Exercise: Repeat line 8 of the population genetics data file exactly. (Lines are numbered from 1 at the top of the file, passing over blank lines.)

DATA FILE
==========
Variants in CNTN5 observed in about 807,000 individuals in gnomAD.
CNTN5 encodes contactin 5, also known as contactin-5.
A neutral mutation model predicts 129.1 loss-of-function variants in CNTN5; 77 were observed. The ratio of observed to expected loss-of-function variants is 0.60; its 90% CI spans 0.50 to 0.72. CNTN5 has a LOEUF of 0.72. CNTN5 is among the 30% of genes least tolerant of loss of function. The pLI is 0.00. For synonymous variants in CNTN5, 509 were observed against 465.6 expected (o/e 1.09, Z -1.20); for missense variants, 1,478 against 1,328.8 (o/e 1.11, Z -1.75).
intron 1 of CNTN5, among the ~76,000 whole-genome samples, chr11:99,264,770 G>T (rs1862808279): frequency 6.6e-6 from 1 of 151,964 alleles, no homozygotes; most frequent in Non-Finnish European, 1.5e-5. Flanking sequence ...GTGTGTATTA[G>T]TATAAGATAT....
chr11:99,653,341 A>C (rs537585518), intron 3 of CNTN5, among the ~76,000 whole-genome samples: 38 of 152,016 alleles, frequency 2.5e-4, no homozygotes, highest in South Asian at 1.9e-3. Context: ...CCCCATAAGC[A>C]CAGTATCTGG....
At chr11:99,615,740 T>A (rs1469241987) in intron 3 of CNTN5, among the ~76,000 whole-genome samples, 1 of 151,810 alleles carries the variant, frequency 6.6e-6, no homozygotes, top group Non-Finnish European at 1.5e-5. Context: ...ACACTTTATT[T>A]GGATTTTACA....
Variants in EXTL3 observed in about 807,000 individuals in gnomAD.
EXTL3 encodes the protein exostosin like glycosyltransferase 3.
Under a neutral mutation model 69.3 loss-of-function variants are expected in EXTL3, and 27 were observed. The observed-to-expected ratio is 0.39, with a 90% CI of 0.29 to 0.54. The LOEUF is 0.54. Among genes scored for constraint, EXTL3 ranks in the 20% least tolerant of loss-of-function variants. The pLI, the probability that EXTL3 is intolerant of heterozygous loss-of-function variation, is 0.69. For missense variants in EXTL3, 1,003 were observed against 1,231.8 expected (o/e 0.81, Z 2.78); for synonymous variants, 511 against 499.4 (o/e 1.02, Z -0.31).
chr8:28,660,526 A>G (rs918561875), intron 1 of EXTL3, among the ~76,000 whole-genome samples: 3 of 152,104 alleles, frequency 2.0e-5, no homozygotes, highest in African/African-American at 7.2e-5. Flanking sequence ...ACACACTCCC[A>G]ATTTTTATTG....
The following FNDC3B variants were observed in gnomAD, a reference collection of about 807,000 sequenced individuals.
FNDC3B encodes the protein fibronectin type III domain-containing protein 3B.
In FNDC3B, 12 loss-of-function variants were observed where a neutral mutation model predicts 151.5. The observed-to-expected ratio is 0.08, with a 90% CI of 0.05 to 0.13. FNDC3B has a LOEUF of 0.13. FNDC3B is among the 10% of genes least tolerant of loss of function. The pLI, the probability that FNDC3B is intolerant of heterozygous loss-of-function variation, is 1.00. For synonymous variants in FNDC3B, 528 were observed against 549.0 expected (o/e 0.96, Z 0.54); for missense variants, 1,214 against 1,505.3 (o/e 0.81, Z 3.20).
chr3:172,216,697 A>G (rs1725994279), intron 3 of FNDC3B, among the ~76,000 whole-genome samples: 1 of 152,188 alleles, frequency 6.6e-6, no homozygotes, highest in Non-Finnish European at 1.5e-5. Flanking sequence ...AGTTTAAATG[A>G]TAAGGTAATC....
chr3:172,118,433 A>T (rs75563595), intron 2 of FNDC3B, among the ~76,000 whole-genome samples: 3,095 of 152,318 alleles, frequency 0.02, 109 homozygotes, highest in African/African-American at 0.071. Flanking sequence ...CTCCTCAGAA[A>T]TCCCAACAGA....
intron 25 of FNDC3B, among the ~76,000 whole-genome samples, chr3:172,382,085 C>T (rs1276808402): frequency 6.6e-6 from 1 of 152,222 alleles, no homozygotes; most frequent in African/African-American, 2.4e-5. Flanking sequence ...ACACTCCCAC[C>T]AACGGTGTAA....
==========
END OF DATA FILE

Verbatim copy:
EXTL3 encodes the protein exostosin like glycosyltransferase 3.